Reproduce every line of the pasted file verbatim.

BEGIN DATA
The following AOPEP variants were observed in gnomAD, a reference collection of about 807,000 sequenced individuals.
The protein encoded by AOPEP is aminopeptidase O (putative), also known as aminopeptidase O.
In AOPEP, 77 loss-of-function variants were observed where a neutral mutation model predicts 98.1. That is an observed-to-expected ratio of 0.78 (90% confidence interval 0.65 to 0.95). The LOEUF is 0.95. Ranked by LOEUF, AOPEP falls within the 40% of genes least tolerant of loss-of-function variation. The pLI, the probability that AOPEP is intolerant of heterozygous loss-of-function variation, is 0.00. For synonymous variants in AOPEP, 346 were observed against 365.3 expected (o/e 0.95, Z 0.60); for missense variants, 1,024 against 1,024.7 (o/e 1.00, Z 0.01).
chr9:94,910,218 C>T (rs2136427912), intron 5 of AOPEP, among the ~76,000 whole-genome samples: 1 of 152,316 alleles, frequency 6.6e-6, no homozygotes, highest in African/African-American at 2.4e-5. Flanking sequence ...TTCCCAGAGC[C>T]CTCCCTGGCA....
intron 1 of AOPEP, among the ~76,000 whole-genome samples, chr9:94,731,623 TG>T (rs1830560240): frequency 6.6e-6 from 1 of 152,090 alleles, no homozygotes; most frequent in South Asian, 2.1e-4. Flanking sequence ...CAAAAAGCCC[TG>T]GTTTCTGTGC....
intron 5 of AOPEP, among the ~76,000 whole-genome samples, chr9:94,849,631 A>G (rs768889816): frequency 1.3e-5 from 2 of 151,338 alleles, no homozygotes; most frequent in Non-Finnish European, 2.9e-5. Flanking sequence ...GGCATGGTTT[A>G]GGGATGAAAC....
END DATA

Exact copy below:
The following AOPEP variants were observed in gnomAD, a reference collection of about 807,000 sequenced individuals.
The protein encoded by AOPEP is aminopeptidase O (putative), also known as aminopeptidase O.
In AOPEP, 77 loss-of-function variants were observed where a neutral mutation model predicts 98.1. That is an observed-to-expected ratio of 0.78 (90% confidence interval 0.65 to 0.95). The LOEUF is 0.95. Ranked by LOEUF, AOPEP falls within the 40% of genes least tolerant of loss-of-function variation. The pLI, the probability that AOPEP is intolerant of heterozygous loss-of-function variation, is 0.00. For synonymous variants in AOPEP, 346 were observed against 365.3 expected (o/e 0.95, Z 0.60); for missense variants, 1,024 against 1,024.7 (o/e 1.00, Z 0.01).
chr9:94,910,218 C>T (rs2136427912), intron 5 of AOPEP, among the ~76,000 whole-genome samples: 1 of 152,316 alleles, frequency 6.6e-6, no homozygotes, highest in African/African-American at 2.4e-5. Flanking sequence ...TTCCCAGAGC[C>T]CTCCCTGGCA....
intron 1 of AOPEP, among the ~76,000 whole-genome samples, chr9:94,731,623 TG>T (rs1830560240): frequency 6.6e-6 from 1 of 152,090 alleles, no homozygotes; most frequent in South Asian, 2.1e-4. Flanking sequence ...CAAAAAGCCC[TG>T]GTTTCTGTGC....
intron 5 of AOPEP, among the ~76,000 whole-genome samples, chr9:94,849,631 A>G (rs768889816): frequency 1.3e-5 from 2 of 151,338 alleles, no homozygotes; most frequent in Non-Finnish European, 2.9e-5. Flanking sequence ...GGCATGGTTT[A>G]GGGATGAAAC....